Sleeping Dogs is the videogame equivalent of a high-end Steven Seagal movie, and there is absolutely nothing wrong with that. The plot is riddled with ludicrous coincidences and stuffed to the gills with riotous action sequences, but it also hinges on a terrific core conceit; you’re undercover cop Wei Shen, and how far you stray from the
line of the law is always down to you. Grand Theft Auto is about that same conflict, but Sleeping Dogs is much more explicit about it; if you’re keen to impress your gangland superiors, you’re incrementally rewarded for anti-social behaviour. If you misbehave when you’re actively working for the police, that same unlawful behaviour is penalised, so the ideal way to play Sleeping Dogs is to fully embrace your character’s split-personality.
It never really forces you in either direction, but the cop missions definitely represent the game at its finest. Many of these assignments are fantastically adept at building tension, and tying mini-games into almost everything that you do – hacking security cameras, tapping hideouts – is one of the game’s smartest moves. Action games by their very nature aren’t brilliant at making you feel endangered, but trying to hurry through a wire-tap whilst your criminal compatriots mill around on the other side of an adjacent door, generates the kind of nervous pressure that you rarely feel in games of Sleeping Dogs’ ilk. Time constraints are generous but never too generous, and the mini-games themselves are easy to grasp but tough to master quickly; examples of appropriate, smart design.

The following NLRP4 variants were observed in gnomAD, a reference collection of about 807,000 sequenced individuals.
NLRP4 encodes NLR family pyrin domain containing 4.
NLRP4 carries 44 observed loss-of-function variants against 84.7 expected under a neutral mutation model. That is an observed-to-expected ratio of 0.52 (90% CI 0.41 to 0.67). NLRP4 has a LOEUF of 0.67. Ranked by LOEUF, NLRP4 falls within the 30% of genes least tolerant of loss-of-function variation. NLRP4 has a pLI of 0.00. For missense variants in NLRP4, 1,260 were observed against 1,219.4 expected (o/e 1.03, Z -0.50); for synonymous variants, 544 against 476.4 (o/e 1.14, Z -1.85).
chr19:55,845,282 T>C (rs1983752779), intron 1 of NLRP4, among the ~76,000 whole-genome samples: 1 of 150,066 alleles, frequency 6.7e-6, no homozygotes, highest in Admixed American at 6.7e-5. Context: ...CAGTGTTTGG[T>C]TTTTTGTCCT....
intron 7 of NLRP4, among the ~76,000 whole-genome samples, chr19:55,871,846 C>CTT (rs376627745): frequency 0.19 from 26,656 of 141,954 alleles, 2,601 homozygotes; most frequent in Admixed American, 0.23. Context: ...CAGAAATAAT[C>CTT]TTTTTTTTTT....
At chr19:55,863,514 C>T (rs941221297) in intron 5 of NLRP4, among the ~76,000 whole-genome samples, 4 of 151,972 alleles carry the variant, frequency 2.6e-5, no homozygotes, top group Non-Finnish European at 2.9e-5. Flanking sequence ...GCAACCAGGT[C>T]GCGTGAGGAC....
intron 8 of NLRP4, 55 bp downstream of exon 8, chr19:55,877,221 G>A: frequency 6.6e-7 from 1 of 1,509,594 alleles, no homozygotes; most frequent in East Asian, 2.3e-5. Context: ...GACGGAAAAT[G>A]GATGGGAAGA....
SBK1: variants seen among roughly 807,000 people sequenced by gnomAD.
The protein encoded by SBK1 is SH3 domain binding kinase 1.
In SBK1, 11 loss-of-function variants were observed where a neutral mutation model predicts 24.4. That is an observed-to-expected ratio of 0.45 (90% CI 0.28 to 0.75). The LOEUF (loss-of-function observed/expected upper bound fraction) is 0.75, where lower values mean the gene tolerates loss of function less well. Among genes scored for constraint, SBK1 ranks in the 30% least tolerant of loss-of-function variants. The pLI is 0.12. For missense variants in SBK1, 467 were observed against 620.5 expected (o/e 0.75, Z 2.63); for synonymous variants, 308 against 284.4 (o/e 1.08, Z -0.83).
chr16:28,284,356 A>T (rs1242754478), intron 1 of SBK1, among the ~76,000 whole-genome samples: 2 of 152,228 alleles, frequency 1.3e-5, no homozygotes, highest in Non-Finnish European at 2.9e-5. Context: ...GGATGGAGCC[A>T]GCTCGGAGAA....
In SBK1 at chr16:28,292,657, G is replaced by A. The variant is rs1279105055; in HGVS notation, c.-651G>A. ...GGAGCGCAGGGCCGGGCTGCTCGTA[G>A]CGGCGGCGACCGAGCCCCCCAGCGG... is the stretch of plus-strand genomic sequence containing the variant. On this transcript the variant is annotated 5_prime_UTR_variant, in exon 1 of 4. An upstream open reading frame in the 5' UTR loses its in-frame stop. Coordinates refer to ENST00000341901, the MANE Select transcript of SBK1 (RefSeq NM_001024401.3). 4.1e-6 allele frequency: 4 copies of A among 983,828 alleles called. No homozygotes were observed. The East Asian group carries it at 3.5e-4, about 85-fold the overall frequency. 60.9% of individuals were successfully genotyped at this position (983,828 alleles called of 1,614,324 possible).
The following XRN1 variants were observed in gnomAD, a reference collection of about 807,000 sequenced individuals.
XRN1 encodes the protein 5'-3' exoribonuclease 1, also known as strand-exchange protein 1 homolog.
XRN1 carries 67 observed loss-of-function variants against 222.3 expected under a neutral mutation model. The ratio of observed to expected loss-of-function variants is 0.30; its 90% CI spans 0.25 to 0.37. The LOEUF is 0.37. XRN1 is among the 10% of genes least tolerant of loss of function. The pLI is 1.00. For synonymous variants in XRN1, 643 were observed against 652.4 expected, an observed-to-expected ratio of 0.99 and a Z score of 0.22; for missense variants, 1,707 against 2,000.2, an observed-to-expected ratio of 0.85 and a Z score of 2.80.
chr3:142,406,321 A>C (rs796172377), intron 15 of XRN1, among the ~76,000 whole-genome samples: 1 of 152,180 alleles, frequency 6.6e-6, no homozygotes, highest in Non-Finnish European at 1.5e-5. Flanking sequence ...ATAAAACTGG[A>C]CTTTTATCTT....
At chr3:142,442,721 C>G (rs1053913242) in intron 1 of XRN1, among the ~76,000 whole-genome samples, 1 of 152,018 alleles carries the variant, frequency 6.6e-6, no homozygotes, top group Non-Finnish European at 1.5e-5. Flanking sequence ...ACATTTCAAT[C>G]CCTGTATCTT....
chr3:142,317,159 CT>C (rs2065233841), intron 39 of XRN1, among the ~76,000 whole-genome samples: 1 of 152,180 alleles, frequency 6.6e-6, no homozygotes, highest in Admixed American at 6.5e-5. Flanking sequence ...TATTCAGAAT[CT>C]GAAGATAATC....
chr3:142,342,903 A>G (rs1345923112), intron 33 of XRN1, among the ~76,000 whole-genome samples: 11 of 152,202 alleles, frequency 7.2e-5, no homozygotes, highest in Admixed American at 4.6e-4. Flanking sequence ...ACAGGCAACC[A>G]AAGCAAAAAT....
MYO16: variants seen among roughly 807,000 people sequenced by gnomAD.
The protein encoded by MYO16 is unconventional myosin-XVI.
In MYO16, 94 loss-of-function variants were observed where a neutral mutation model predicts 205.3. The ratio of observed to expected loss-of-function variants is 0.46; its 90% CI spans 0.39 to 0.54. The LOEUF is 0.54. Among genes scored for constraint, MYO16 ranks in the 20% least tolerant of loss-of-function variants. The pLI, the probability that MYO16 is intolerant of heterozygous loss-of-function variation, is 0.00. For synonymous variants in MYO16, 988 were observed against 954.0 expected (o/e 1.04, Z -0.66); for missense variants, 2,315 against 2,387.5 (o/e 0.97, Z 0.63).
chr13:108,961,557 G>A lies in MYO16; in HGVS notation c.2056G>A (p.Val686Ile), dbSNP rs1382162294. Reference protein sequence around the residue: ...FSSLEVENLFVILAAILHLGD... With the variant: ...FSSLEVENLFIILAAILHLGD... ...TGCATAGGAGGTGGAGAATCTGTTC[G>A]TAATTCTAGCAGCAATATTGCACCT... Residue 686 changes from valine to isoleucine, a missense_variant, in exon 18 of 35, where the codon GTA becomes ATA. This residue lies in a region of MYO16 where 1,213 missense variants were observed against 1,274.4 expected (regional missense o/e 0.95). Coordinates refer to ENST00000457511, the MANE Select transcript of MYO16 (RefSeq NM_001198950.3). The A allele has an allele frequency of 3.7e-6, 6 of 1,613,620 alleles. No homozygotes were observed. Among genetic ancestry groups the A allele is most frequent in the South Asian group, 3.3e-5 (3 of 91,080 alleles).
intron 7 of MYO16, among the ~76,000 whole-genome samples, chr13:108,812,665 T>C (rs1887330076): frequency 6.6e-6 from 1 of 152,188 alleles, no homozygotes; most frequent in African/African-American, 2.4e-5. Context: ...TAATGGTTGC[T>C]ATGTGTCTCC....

Firearms are reasonably prevalent during the second and third act, but the action here is predominately about hand-to-hand combat. Taking its main cues from Rocksteady’s ‘Freeflow’ scheme (last seen in Batman: Arkham City) it’s about nailing counter attacks and – most enjoyably of all – using your environment to dispatch your assailants quickly. Inevitably the brawling isn’t quite as fluid and moreish as Freeflow (you can’t counter attacks with other attacks, for one thing) but it’s satisfying and distinctive nevertheless. Its garish vision of contemporary Hong Kong is also a vibrant and engaging place to be, but only on foot; the dearth of moving cars when you’re on the road occasionally makes it feel like an early-doors PS2 throwback.
Vehicle handling is arcadey and gratifying once you’ve adapted to it, and if you end up in a high speed pursuit, evasion isn’t your only option: you can ram your assailants off the road, Burnout style. Despite all of its influences though, Sleeping Dogs never buckles under the weight of them, and develops its own engaging, slightly ditzy personality long before the halfway point rolls around. If you’re looking for something to fill the gap until GTA V finally makes its debut next year – and you’ve already blitzed your way through THQ’s majestic Saints Row: The Third – then Sleeping Dogs will fit the bill very nicely indeed. Original it ain’t. Entertaining it most definitely is.
Sleeping Dogs is available now for Xbox 360 and Playstation 3.
Watch the official launch trailer for Sleeping Dogs below: